In summary, Fannie Mae took new interest in sub-prime loans. The Clinton administration wanted to extend home-ownership to minority groups. They used economic pressure to do it and broke the economic system in the process. Lenders had previously refused to extend “sub-prime” loans without a significant hike to their interest rates. This made it harder for people with poor credit to get a loan (including a disproportionate segment of minority groups). However, in a Capitalist system where lenders want to make money and compete for these loans, they only loan money to people that company statisticians can guarantee a profit on. Capitalistic, Fannie Mae would have bought loans as many loans as could guarantee a profit. Lenders thus lend on sound terms that benefit the company and thus benefit the whole economy. But, for political reasons, the basic Capitalistic principle of “self-interest” was violated in 1999. Because Fannie Mae is federally subsidized, part of their “self-interest” is preserving that federal subsidy. Clinton pressured them to buy sub-prime loans even though it was not in their direct, monetary self-interest. The administration didn’t see implications of their actions. Because Fannie Mae would buy sub-prime loans that were not a safe investment, lenders began extending non-secure credit to millions. It was in their self-interest to do so because Fannie Mae would buy the loans immediately, eliminating the lenders’ risk. The market quickly floods with new loans, lenders encourage EVERYONE to take out sub-prime loans at the beyond their income, the housing market booms as people buy houses, and housing costs increase. But sooner or later statistics catch up with us and we discover the reason why Fannie Mae didn’t buy sub-prime loans in the first place. Eventually, the house of cards falls betraying the best interests of the entire country, the entire economy. It happens because government involvement alters a company’s perception of today’s self-interest, betraying our entire economy.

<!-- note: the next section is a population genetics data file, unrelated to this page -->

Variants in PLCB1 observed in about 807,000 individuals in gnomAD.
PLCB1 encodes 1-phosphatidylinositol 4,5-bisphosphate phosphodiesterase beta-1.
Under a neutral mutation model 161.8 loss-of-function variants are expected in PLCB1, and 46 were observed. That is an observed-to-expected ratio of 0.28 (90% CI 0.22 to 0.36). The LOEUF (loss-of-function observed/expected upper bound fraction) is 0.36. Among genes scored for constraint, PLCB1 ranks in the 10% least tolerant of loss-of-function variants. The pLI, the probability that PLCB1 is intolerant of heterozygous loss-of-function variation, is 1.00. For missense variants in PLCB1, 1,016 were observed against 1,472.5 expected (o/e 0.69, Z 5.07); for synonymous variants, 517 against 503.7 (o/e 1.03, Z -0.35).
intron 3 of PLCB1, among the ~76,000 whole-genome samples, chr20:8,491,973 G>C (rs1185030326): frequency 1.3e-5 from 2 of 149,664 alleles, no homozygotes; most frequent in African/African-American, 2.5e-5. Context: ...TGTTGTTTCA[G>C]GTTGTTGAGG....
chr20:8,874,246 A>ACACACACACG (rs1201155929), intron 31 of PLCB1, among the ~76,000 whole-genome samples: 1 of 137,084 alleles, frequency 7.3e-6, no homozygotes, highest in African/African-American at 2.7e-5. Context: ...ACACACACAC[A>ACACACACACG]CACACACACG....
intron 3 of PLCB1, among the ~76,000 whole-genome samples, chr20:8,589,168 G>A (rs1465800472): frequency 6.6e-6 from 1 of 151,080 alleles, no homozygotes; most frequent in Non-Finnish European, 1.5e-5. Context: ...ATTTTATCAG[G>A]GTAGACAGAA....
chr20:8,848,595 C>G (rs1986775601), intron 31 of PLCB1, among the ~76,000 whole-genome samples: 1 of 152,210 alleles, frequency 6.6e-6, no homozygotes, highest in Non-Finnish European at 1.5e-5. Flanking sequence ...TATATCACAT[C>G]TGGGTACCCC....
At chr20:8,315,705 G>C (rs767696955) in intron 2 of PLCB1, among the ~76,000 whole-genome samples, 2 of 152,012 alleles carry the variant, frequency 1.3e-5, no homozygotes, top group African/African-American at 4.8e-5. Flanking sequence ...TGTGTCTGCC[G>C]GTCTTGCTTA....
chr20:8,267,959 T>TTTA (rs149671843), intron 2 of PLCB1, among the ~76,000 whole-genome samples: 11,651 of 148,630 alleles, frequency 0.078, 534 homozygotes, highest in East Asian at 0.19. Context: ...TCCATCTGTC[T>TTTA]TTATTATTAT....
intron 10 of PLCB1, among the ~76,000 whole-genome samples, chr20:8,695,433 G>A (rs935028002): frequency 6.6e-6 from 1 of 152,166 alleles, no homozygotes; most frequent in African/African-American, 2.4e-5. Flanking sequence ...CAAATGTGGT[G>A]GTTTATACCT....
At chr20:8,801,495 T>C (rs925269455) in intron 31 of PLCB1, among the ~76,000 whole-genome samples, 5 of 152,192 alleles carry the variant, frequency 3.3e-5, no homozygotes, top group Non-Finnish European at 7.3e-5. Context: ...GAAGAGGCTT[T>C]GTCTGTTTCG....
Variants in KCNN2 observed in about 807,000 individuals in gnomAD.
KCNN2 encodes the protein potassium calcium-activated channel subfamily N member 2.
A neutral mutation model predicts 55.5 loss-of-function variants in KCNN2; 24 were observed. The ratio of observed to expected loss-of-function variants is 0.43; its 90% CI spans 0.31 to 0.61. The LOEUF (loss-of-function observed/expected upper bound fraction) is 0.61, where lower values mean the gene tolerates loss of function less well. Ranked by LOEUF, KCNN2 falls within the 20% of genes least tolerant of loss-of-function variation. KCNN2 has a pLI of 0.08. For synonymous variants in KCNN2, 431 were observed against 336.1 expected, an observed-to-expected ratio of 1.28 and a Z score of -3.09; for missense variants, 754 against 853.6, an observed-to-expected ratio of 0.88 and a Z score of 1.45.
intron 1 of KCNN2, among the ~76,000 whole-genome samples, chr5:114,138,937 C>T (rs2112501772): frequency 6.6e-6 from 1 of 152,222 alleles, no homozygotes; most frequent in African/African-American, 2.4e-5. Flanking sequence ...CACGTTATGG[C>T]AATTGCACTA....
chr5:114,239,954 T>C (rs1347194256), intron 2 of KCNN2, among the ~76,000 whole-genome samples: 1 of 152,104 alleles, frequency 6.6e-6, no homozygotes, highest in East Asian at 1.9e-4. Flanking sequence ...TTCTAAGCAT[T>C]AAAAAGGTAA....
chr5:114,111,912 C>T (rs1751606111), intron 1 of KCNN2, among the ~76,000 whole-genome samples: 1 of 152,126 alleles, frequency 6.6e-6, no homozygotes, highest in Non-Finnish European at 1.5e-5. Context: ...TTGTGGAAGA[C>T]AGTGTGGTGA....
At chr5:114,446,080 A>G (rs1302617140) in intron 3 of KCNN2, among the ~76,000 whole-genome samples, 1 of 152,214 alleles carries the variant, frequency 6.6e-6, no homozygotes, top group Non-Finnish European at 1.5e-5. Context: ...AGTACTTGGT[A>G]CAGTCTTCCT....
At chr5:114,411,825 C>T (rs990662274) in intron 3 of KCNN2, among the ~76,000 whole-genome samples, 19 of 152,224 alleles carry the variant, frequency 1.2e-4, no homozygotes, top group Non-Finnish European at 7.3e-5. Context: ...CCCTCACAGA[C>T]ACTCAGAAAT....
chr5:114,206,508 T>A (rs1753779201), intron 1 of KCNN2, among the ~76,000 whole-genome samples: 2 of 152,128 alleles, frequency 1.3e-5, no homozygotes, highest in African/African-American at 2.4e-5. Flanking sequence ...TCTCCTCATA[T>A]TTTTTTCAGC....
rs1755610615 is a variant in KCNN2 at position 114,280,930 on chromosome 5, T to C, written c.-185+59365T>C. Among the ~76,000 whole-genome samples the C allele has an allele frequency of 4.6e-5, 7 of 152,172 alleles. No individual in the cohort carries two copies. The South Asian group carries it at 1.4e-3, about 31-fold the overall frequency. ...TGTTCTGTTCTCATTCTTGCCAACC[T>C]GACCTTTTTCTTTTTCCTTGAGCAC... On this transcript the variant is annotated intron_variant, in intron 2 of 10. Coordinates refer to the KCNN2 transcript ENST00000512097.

Bottom line: government involvement (for political reasons) influenced a very large company to work counter to what its own self-interest, buying loans that statisticians could predict would not turn on a profit, and in doing so it left our entire economy to suffer the current economic crisis.

The unseen price of the same involvement is increased government power. As the government pulls power power to itself to prevent the crisis it’s own involvement created, it has greater potential to encroach on personal freedoms–in the name of preserving the economy–which will encroach on peoples’ freedom to act in their own self-interest, which distrubs the economy…you can see the cycle.

So what is bright and beautiful in this apparently dismal assessment? What justifies this political opinion being posted on this blog?

This is the bright spot: The principles on which both our nation and our economy are based support and strengthen each other. When our nation protects economic freedom to pursue individual self-interest, it protects and strengthens our freedoms. When we protect our personal freedoms, we protect our national economy. The principles of a capitalistic economy and a free society support and strengthen each other. If we really want to protect our economy and keep it both strong and stable, we can find the power to do that in the fundamental principles of our founding: government is created only to protect individual rights. If we confine our government and our leaders to their proscribed roles, we also protect our economic freedom. Each strengthening the other, we protect ourselves from the fate of Rome, Napolean’s France, and Cromwell’s England.

And both of these principles found themselves established in 1776. Coincidence? Yeah, right.